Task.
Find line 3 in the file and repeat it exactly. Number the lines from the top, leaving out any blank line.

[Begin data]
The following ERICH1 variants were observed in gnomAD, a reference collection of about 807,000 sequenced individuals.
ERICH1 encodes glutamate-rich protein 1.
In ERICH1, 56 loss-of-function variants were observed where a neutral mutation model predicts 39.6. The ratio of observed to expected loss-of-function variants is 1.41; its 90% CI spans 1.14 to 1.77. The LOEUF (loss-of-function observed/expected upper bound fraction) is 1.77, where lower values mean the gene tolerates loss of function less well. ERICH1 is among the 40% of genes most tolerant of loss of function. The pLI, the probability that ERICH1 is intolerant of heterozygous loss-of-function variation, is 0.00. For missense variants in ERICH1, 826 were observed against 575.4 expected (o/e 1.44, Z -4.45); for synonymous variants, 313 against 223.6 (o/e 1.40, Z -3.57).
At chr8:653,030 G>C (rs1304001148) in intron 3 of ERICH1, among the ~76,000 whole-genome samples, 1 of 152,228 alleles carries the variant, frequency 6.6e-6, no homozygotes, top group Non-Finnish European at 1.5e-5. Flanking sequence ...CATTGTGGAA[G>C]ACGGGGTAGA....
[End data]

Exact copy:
In ERICH1, 56 loss-of-function variants were observed where a neutral mutation model predicts 39.6. The ratio of observed to expected loss-of-function variants is 1.41; its 90% CI spans 1.14 to 1.77. The LOEUF (loss-of-function observed/expected upper bound fraction) is 1.77, where lower values mean the gene tolerates loss of function less well. ERICH1 is among the 40% of genes most tolerant of loss of function. The pLI, the probability that ERICH1 is intolerant of heterozygous loss-of-function variation, is 0.00. For missense variants in ERICH1, 826 were observed against 575.4 expected (o/e 1.44, Z -4.45); for synonymous variants, 313 against 223.6 (o/e 1.40, Z -3.57).